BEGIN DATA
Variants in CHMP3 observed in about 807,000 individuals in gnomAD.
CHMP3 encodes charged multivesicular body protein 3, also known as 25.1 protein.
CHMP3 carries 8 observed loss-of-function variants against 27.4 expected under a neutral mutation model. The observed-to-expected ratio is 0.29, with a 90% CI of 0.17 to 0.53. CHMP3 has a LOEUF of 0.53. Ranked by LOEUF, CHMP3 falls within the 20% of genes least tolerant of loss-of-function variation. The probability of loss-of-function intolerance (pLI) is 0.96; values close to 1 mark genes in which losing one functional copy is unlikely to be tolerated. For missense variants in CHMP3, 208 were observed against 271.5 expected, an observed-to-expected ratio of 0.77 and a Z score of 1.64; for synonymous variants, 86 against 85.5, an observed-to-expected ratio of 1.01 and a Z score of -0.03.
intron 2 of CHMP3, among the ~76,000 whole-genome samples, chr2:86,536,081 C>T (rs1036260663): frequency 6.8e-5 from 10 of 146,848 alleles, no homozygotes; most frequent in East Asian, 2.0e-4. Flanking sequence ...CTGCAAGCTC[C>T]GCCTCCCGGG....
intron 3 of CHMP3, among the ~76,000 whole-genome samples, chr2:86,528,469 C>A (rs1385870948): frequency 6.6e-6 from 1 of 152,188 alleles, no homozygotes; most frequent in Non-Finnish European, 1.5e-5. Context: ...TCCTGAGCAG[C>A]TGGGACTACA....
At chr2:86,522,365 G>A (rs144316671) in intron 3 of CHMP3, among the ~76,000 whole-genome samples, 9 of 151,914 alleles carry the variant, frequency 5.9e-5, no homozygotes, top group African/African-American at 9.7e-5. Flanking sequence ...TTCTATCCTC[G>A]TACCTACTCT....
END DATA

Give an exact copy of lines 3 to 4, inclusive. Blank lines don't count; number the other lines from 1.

CHMP3 carries 8 observed loss-of-function variants against 27.4 expected under a neutral mutation model. The observed-to-expected ratio is 0.29, with a 90% CI of 0.17 to 0.53. CHMP3 has a LOEUF of 0.53. Ranked by LOEUF, CHMP3 falls within the 20% of genes least tolerant of loss-of-function variation. The probability of loss-of-function intolerance (pLI) is 0.96; values close to 1 mark genes in which losing one functional copy is unlikely to be tolerated. For missense variants in CHMP3, 208 were observed against 271.5 expected, an observed-to-expected ratio of 0.77 and a Z score of 1.64; for synonymous variants, 86 against 85.5, an observed-to-expected ratio of 1.01 and a Z score of -0.03.
intron 2 of CHMP3, among the ~76,000 whole-genome samples, chr2:86,536,081 C>T (rs1036260663): frequency 6.8e-5 from 10 of 146,848 alleles, no homozygotes; most frequent in East Asian, 2.0e-4. Flanking sequence ...CTGCAAGCTC[C>T]GCCTCCCGGG....